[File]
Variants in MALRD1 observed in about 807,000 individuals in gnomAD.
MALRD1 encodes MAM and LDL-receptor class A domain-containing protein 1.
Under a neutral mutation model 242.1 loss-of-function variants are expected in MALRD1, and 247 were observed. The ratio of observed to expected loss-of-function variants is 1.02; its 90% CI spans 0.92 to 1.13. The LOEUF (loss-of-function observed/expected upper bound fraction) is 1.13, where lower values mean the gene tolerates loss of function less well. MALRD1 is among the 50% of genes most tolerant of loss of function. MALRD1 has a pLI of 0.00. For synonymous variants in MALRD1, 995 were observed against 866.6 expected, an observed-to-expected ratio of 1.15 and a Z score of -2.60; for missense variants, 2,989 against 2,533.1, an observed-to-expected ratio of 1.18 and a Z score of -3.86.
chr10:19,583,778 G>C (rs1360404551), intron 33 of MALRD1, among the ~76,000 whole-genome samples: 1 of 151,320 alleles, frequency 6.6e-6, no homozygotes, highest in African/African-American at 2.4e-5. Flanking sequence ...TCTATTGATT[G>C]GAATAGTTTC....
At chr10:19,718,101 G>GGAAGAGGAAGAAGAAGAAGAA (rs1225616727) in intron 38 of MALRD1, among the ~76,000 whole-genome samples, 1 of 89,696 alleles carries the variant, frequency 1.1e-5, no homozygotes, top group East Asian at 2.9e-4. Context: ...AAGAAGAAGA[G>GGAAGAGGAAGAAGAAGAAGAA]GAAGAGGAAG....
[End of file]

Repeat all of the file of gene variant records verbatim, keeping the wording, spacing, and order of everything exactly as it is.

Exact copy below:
Variants in MALRD1 observed in about 807,000 individuals in gnomAD.
MALRD1 encodes MAM and LDL-receptor class A domain-containing protein 1.
Under a neutral mutation model 242.1 loss-of-function variants are expected in MALRD1, and 247 were observed. The ratio of observed to expected loss-of-function variants is 1.02; its 90% CI spans 0.92 to 1.13. The LOEUF (loss-of-function observed/expected upper bound fraction) is 1.13, where lower values mean the gene tolerates loss of function less well. MALRD1 is among the 50% of genes most tolerant of loss of function. MALRD1 has a pLI of 0.00. For synonymous variants in MALRD1, 995 were observed against 866.6 expected, an observed-to-expected ratio of 1.15 and a Z score of -2.60; for missense variants, 2,989 against 2,533.1, an observed-to-expected ratio of 1.18 and a Z score of -3.86.
chr10:19,583,778 G>C (rs1360404551), intron 33 of MALRD1, among the ~76,000 whole-genome samples: 1 of 151,320 alleles, frequency 6.6e-6, no homozygotes, highest in African/African-American at 2.4e-5. Flanking sequence ...TCTATTGATT[G>C]GAATAGTTTC....
At chr10:19,718,101 G>GGAAGAGGAAGAAGAAGAAGAA (rs1225616727) in intron 38 of MALRD1, among the ~76,000 whole-genome samples, 1 of 89,696 alleles carries the variant, frequency 1.1e-5, no homozygotes, top group East Asian at 2.9e-4. Context: ...AAGAAGAAGA[G>GGAAGAGGAAGAAGAAGAAGAA]GAAGAGGAAG....